Town Makes Offer To Buy Surfside Lifesaving Station From Blue Flag

Jason Graziadei •

Star Sea 1
Photo by Sharon Van Lieu

The town is making a strong effort to acquire the historic Surfside lifesaving station and former youth hostel property from Blue Flag Partners, the Current has learned.

A formal multi-million offer has been submitted to Blue Flag Partners on behalf of the town, according to a town government source and internal documents reviewed by the Current. If the town manages to secure a deal with Blue Flag, the funding would still need to be endorsed by Town Meeting voters and on the ballot.

The goal would be to utilize the former hostel and other buildings on the property for seasonal lifeguard housing and the creation of additional year-round housing units for town employees.

But the town’s offer has not met Blue Flag’s full asking price, and it will be competing against at least one other private party also pursuing the property.

It’s been more than four months since Blue Flag Partners announced its intention to sell the former lifesaving station at 31 Western Avenue with an asking price of $7.9 million, more than double the price Blue Flag paid for it in 2020.

The Select Board has discussed the potential acquisition of the property in several recent executive session meetings.

Here’s what we know so far about the negotiations:

  • Last month, the town submitted an offer in the neighborhood of $4.3 million, which was rejected by Blue Flag.
  • Last Friday, the Select Board was meeting in an executive session to discuss further a potential acquisition and the possibility of raising its offer to a previously authorized number of $5.5 million or more.
  • Blue Flag has informed the town it already has an offer on the table from an unknown private party for $6.4 million
  • The town has explored the possibility of utilizing a so-called “bargain sale” to acquire the property, which is an IRS program in which a property is sold to a qualified organization, typically a charity or non-profit, for less than the property’s fair market value in exchange for tax benefits. This is the same program the town’s Affordable Housing Trust utilized to acquire a property on White Street.
  • The town hopes to reduce the amount of funding taxpayers would be on the hook for by utilizing Community Preservation Committee funding and a sale of a portion of the property to a third party, as well as the potential involvement of a non-profit organization in the deal.
  • The town is weighing the Surfside lifesaving station/hostel acquisition against the potential development of a separate seasonal housing project on Waitt Drive.

Nantucket’s municipal housing director Tucker Holland, along with Blue Flag’s Terry Sanford and listing agent Carl Lindvall, all declined to comment for this story.

The property at 31 Western Avenue near Surfside Beach was purchased by Blue Flag in September 2020 for $3.55 million from Hostelling International. But two years later, Blue Flag Partners decided to sell the property, abandoning its original plan to convert the hostel into a hotel. The $7.9 million asking price, according to sources, reflects both the escalation of the real estate market since 2020, as well as Blue Flag’s investment of more than $1 million in design and permitting work for the hotel and a septic system.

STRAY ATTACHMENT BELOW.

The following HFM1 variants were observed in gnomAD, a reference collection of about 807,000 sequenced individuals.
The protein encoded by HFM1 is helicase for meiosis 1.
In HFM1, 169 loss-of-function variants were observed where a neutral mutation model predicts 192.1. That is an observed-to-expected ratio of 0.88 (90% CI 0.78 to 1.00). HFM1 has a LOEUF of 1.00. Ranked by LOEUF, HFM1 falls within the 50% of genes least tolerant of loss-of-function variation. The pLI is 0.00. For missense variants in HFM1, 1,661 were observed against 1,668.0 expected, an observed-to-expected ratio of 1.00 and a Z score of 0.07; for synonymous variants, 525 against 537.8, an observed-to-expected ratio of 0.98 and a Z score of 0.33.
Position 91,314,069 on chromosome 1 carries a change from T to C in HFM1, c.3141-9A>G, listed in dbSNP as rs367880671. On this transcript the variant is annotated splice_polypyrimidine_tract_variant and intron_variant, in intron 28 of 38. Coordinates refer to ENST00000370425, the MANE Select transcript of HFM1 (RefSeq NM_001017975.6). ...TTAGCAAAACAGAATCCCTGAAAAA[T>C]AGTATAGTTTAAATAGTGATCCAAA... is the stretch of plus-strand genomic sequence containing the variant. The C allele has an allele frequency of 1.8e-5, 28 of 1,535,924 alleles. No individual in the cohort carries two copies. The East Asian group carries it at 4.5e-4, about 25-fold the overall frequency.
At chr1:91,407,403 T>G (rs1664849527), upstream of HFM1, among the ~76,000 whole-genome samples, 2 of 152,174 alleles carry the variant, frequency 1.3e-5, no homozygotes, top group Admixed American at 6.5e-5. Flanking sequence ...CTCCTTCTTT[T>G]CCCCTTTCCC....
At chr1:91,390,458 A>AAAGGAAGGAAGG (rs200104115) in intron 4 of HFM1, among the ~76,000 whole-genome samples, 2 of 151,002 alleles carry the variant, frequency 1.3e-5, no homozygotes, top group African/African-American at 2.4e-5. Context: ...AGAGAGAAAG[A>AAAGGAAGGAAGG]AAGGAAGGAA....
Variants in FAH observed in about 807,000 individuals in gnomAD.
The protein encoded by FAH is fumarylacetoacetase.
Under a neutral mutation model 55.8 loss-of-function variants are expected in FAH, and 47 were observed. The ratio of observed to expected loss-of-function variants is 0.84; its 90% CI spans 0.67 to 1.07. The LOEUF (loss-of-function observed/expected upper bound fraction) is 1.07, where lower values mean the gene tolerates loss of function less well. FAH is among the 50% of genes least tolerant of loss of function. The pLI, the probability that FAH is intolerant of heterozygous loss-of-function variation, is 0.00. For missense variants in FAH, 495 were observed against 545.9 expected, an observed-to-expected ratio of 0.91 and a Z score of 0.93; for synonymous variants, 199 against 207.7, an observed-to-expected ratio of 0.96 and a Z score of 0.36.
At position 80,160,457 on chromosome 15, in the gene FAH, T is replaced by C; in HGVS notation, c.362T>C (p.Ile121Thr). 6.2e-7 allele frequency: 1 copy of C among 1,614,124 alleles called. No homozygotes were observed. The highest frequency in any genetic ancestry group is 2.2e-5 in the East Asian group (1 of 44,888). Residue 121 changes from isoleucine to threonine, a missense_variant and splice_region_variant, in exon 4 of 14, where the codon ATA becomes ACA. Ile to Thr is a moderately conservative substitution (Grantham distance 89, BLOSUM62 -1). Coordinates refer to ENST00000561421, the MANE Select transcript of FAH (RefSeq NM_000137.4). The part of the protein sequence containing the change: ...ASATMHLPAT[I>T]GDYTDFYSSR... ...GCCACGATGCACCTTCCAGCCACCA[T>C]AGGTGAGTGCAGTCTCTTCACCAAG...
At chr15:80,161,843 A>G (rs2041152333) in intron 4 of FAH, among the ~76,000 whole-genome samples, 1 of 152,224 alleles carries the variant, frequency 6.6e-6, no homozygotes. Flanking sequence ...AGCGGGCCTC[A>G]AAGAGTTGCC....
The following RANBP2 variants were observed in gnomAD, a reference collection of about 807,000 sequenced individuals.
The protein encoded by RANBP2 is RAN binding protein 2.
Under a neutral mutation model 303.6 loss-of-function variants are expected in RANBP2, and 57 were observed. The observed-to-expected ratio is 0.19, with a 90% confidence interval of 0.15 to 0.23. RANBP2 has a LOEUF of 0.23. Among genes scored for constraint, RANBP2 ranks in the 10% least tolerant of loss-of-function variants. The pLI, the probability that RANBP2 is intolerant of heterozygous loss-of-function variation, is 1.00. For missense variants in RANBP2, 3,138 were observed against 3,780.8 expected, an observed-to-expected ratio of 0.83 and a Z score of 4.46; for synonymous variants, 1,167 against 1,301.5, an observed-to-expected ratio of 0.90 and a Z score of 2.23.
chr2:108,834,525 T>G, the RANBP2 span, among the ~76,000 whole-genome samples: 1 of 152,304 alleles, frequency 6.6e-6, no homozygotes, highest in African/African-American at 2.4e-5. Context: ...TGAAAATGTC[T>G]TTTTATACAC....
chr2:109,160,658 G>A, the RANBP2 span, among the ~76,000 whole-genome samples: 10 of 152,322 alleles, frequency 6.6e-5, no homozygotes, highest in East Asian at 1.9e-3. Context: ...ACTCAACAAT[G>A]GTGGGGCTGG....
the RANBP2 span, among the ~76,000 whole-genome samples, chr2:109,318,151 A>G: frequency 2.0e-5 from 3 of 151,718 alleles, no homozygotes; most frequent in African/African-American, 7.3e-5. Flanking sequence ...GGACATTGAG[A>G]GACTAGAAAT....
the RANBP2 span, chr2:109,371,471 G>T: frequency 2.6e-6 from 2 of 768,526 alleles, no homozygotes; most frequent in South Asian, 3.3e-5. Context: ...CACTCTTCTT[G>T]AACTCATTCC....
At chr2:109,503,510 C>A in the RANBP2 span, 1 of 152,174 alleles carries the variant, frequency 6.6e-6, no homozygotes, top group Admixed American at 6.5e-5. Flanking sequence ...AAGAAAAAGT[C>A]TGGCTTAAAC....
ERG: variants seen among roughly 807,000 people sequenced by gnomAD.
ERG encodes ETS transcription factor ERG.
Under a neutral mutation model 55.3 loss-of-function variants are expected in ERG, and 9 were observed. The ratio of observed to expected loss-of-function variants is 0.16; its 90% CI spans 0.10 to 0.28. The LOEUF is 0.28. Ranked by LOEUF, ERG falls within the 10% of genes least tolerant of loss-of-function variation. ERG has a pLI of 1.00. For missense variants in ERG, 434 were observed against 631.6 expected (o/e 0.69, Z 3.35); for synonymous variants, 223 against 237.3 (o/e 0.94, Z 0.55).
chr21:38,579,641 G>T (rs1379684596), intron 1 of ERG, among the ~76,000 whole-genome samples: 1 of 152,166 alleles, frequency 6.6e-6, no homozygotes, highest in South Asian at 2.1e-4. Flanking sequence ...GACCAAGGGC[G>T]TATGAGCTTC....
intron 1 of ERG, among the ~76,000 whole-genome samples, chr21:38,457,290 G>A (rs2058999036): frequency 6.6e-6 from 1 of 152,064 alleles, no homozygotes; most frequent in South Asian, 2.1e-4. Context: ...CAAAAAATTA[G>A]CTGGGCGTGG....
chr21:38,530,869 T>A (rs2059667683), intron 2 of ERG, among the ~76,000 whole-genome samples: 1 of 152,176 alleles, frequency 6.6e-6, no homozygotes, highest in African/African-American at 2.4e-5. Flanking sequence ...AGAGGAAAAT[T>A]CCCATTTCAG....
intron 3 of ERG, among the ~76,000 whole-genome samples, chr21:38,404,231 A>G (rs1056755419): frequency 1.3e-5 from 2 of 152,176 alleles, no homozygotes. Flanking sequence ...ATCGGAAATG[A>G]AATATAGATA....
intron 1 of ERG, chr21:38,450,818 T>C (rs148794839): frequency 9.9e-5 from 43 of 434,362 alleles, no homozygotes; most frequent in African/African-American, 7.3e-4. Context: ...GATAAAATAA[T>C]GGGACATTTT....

“Blue Flag brought the project to a shovel-ready status for a full restoration and continued hospitality use,” Blue Flag co-founder Terry Sanford said in a prepared statement back in February. “Ultimately, we aren't going to be able to give the Star of the Sea the level of attention that we believe it deserves at this time so we are seeking a new steward who will carry forward our vision to back the grandeur of this one-of-a-kind property."

The property was not officially listed, as Lindvall and Blue Flag Partners said they wanted to allow some of the organizations and other parties who were interested in buying it back in 2020 to “get a first shot at it.”

The property includes the last remaining U.S. Life Saving Service building on the island, which dates back to 1874 and served as a lifesaving station through 1921. According to the Nantucket Preservation Trust, “the federal government retained ownership of the site until 1962, when Lilye Mason, a longtime housemother for American Youth Hostels, Inc. successfully bid to purchase the property and convert it for use into a hostel. In 1963, Ms. Mason sold the property to American Youth Hostels, Inc., now known as Hostelling International.”

It was then known as the “Star of the Sea” youth hostel for decades until the property was put on the market by the Hostelling International organization in the fall of 2020. Five bids were received, including one from the Egan Maritime Institute, but it was ultimately Blue Flag’s $3.5 million offer that was accepted.

At the time, former Egan Maritime Institute executive director Pauline Proch expressed disappointment that the property was not sold to the non-profit and said Egan was best positioned to be the next steward of the lifesaving station. Despite its own $3.5 million bid, Egan could not get the necessary contingencies in place before the closing, Proch said.

Egan announced in February that it would not be pursuing a purchase of the lifesaving station property from Blue Flag.

In the aftermath of the sale in 2020, the Select Board voted to transfer an existing preservation restriction on the property - which prevents any alterations to the exterior of the original lifesaving building - from the Nantucket Historic District Commission to the Nantucket Preservation Trust.

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